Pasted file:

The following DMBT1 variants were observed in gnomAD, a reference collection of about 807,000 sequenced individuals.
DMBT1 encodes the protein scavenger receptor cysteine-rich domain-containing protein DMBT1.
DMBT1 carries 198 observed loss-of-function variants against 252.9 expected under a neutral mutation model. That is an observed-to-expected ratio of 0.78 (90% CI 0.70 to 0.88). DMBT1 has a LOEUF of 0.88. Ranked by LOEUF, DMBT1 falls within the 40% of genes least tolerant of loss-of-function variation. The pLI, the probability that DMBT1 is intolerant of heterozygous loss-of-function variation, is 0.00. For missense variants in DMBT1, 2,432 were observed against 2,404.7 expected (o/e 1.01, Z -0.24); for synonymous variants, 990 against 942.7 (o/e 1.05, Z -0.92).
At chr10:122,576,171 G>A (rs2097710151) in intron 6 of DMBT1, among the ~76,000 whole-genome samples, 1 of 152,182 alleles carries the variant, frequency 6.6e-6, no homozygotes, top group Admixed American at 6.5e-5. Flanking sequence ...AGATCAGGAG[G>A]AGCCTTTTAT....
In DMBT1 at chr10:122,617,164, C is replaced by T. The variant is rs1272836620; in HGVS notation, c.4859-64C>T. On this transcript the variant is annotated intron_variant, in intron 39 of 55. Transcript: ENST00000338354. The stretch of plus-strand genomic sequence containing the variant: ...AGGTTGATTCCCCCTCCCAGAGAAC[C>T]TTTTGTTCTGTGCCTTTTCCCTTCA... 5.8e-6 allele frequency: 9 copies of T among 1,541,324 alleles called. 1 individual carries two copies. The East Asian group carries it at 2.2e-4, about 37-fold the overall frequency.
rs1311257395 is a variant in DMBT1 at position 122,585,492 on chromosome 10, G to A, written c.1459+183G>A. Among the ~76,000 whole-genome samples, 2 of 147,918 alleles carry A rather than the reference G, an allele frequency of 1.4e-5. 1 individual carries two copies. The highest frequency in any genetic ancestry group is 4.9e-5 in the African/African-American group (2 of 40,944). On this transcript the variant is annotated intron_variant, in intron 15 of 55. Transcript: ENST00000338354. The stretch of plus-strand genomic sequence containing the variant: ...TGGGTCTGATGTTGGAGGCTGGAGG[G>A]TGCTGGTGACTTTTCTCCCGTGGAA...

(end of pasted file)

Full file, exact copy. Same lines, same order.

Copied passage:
The following DMBT1 variants were observed in gnomAD, a reference collection of about 807,000 sequenced individuals.
DMBT1 encodes the protein scavenger receptor cysteine-rich domain-containing protein DMBT1.
DMBT1 carries 198 observed loss-of-function variants against 252.9 expected under a neutral mutation model. That is an observed-to-expected ratio of 0.78 (90% CI 0.70 to 0.88). DMBT1 has a LOEUF of 0.88. Ranked by LOEUF, DMBT1 falls within the 40% of genes least tolerant of loss-of-function variation. The pLI, the probability that DMBT1 is intolerant of heterozygous loss-of-function variation, is 0.00. For missense variants in DMBT1, 2,432 were observed against 2,404.7 expected (o/e 1.01, Z -0.24); for synonymous variants, 990 against 942.7 (o/e 1.05, Z -0.92).
At chr10:122,576,171 G>A (rs2097710151) in intron 6 of DMBT1, among the ~76,000 whole-genome samples, 1 of 152,182 alleles carries the variant, frequency 6.6e-6, no homozygotes, top group Admixed American at 6.5e-5. Flanking sequence ...AGATCAGGAG[G>A]AGCCTTTTAT....
In DMBT1 at chr10:122,617,164, C is replaced by T. The variant is rs1272836620; in HGVS notation, c.4859-64C>T. On this transcript the variant is annotated intron_variant, in intron 39 of 55. Transcript: ENST00000338354. The stretch of plus-strand genomic sequence containing the variant: ...AGGTTGATTCCCCCTCCCAGAGAAC[C>T]TTTTGTTCTGTGCCTTTTCCCTTCA... 5.8e-6 allele frequency: 9 copies of T among 1,541,324 alleles called. 1 individual carries two copies. The East Asian group carries it at 2.2e-4, about 37-fold the overall frequency.
rs1311257395 is a variant in DMBT1 at position 122,585,492 on chromosome 10, G to A, written c.1459+183G>A. Among the ~76,000 whole-genome samples, 2 of 147,918 alleles carry A rather than the reference G, an allele frequency of 1.4e-5. 1 individual carries two copies. The highest frequency in any genetic ancestry group is 4.9e-5 in the African/African-American group (2 of 40,944). On this transcript the variant is annotated intron_variant, in intron 15 of 55. Transcript: ENST00000338354. The stretch of plus-strand genomic sequence containing the variant: ...TGGGTCTGATGTTGGAGGCTGGAGG[G>A]TGCTGGTGACTTTTCTCCCGTGGAA...